The Passat shows volks its big wagen.
Volkswagen has something big to show you, and it can even be viewed online. No, it’s not the “Mini Vader” Super Bowl commercial, although it’s pretty bitchin’! You can also forget about naughty pics of naughty politicians. During its recent media launch, VW’s P.R. team gave a dissertation that contained references to inches, but fortunately they were discussing the 2012 Passat’s longer shadow and not the size of its underpinnings.
Longer than the current model by four inches, the new Passat is sized for America. Nearly all of the additional space is hanging out in the rear compartment. To keep the car from looking like German Chancellor Angela Merkel’s stretched A8, the Passat’s B-pillar was moved rearward to balance the door widths. The shape is uber conservative and exhibits attention to detail in the way creases are cut through the fuel door, subtle rear spoiler, alloy wheels, and three chrome slats dicing up the grille.
Designers must have had pin-ups of the discontinued VW Phaeton’s cabin in their lockers as they contemplated the Passat’s interior. Slabs of woodgrain on the dash and console slather visual munchies while soft-touch materials on most surfaces delight the touch. Authentic leatherette or intoxicating cowhide cover thickly-bolstered seats, which are optionally heated and power-adjustable. Large gauges, an analog clock, leather-wrapped steering wheel, and click-click gear selector are spot on, as are standard dual-zone automatic climate control, auto up/down windows, USB MP3 input, and Bluetooth. The net ambience is of affordable wealth.
I could buy a Passat just for the available Fender Premium Audio System. Every note is reproduced to create the raw sound of a live performance, meaning you hear it naturally from front instead of just around your head. The sound is crisp and clear, free of distortion, highlighting every guitar and violin. Nine speakers and 400 watts are plenty to cut through the clutter of exhaust notes and wind noise.
Under the smooth hood is more sweet music from a range of engines that includes a 170-HP 2.5-litre inline five-cylinder, 280-HP 3.6-litre VR6, and 2.0-litre TDI Clean Diesel. VW expects about 75% of buyers to choose the 5-cylinder that achieves 32-MPG Hwy., while only 12% or so will go diesel to enjoy 43-MPG and a nearly 800-mile range! A 5-speed manual transmission is standard; 6-speed automatics are optional.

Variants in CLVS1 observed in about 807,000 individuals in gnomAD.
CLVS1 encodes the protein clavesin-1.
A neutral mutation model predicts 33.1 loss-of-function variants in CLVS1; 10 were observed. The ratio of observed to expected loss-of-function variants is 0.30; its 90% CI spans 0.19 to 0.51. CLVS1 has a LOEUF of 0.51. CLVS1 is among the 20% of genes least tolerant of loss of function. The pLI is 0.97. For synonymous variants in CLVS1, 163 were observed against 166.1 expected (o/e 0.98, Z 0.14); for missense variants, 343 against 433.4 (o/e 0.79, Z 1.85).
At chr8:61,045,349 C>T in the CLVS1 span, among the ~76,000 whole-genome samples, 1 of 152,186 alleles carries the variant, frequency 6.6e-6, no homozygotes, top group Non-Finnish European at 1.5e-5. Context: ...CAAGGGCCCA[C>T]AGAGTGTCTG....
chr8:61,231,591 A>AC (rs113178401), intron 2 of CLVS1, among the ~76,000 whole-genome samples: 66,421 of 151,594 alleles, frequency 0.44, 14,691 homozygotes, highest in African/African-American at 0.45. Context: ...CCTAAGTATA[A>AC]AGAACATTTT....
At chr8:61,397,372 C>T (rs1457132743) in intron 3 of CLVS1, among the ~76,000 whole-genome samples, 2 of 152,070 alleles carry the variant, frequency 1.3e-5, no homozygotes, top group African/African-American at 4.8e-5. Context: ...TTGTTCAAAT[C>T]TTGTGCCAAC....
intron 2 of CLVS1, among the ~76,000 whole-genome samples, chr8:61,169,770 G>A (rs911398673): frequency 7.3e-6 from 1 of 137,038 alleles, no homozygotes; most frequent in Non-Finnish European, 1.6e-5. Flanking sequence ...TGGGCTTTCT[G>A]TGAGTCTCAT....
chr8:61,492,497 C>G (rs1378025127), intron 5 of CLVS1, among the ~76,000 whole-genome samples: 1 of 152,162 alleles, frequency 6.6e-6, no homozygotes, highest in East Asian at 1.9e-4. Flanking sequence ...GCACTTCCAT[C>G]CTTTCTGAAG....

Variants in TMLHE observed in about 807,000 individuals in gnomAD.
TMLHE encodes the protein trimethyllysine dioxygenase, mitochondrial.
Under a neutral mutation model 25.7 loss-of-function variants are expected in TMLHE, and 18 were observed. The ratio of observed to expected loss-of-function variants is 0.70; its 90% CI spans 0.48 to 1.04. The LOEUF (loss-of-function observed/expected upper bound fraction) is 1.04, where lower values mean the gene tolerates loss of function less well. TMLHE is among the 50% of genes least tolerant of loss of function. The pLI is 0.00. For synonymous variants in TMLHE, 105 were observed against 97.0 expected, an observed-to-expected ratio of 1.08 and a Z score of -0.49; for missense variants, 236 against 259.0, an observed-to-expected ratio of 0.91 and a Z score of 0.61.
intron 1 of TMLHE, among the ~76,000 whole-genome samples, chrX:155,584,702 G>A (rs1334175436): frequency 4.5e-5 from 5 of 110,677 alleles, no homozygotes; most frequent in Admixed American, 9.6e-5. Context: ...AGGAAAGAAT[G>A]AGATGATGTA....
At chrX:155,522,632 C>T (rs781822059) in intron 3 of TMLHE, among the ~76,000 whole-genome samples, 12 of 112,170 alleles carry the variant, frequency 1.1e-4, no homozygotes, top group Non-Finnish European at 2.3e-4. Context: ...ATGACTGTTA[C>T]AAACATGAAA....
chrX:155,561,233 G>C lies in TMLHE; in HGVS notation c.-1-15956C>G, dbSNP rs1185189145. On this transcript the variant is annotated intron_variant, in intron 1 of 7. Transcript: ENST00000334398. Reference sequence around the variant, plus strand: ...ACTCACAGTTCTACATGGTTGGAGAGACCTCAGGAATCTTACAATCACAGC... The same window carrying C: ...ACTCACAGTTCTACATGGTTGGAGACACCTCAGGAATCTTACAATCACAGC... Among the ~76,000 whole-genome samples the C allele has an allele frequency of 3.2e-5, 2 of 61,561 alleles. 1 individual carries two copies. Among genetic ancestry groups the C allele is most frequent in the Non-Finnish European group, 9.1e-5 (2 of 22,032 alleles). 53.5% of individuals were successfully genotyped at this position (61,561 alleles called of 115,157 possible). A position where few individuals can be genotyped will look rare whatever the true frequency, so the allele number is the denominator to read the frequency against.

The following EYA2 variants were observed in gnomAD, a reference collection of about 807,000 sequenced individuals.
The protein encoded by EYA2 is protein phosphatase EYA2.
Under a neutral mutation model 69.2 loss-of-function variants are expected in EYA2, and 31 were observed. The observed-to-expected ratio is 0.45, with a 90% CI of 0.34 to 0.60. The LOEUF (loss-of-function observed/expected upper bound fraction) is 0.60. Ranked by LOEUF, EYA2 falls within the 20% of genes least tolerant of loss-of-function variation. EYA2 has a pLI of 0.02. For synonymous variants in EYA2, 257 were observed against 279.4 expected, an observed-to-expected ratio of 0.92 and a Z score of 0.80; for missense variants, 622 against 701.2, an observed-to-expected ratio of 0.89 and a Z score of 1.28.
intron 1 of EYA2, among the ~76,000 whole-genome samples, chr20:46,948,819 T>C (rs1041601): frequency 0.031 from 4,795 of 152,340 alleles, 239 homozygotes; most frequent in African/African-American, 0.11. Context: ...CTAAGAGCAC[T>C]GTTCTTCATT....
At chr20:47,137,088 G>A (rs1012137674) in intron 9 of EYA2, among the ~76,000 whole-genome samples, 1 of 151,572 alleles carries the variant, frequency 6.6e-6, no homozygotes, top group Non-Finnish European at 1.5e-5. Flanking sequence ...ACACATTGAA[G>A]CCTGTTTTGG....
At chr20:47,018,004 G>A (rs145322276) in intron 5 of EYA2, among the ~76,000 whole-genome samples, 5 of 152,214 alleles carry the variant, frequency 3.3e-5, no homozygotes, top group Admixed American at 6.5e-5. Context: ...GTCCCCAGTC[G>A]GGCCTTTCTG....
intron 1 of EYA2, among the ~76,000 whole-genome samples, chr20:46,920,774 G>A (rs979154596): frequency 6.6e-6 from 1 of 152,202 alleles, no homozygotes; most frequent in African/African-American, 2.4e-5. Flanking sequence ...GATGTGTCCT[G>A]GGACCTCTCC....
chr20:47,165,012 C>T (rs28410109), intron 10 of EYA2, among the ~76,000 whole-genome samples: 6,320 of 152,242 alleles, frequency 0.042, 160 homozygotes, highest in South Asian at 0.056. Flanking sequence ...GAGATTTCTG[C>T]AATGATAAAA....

Power from the five-cylinder engine moves crisply through the gears on the Interstate, but when moving the Passat’s mass through mountains, it needs more gusto. Trying to pass a farm truck on a short stretch of Appalachian countryside required prayer and hastened breath. The VR6 is a scream, but the diesel’s earth-tugging torque stomps off the line and the engine’s turbo allows for easy high-speed running. VW will eventually need a 200-HP four-cylinder that achieves 35-MPG Hwy. if it wants the Passat to truly measure up. Tepid response from the five-cylinder engine is more than compensated by the car’s agile chassis and steering that is light on-center, but tightens into corners. You rarely feel the car’s heft when dropping curves.
The Passat’s Chattanooga, TN factory is as impressive as the car. During the depths of The Great Recession, Volkswagen wagered a cool billion that it could build a domestically-aimed mid-size sedan that could win against straight-faced rivals from Toyota, Honda, and Ford. The approximately 585,000 sq. ft. facility currently has the capacity to build 150,000 Passats annually, but can be expanded to produce up to 250,000 vehicles of three types. A Passat-based crossover would be a fine addition.
Without question, the roomy Passat is every inch a Volkswagen – a serious car you’ll likely enjoy very much. Making it easier to take is VW’s Care Free Maintenance program that provides service for “non-wear items” during the first 3 years/36,000 miles. A major bonus, prices are nearly $7,000 less than last year and will start under $20,000. Up-level VR6 models with all the trimmings will top $30k.
After a long drive from Chattanooga, stopping in Lynchburg, TN to sample some Jack Daniel’s [ice cream], and arriving in Nashville for dinner at the Country Music Hall of Fame, journalists were treated to Grammy-winner Don Schlitz strumming a song he wrote for Kenney Rogers: The Gambler. We’ll find out if the Passat makes it into the auto sales hall of fame, but Volkswagen built a very nice car. In any dimension, that should curb most risk. Before buying another car, be sure to compare your wagon to Volkswagen’s.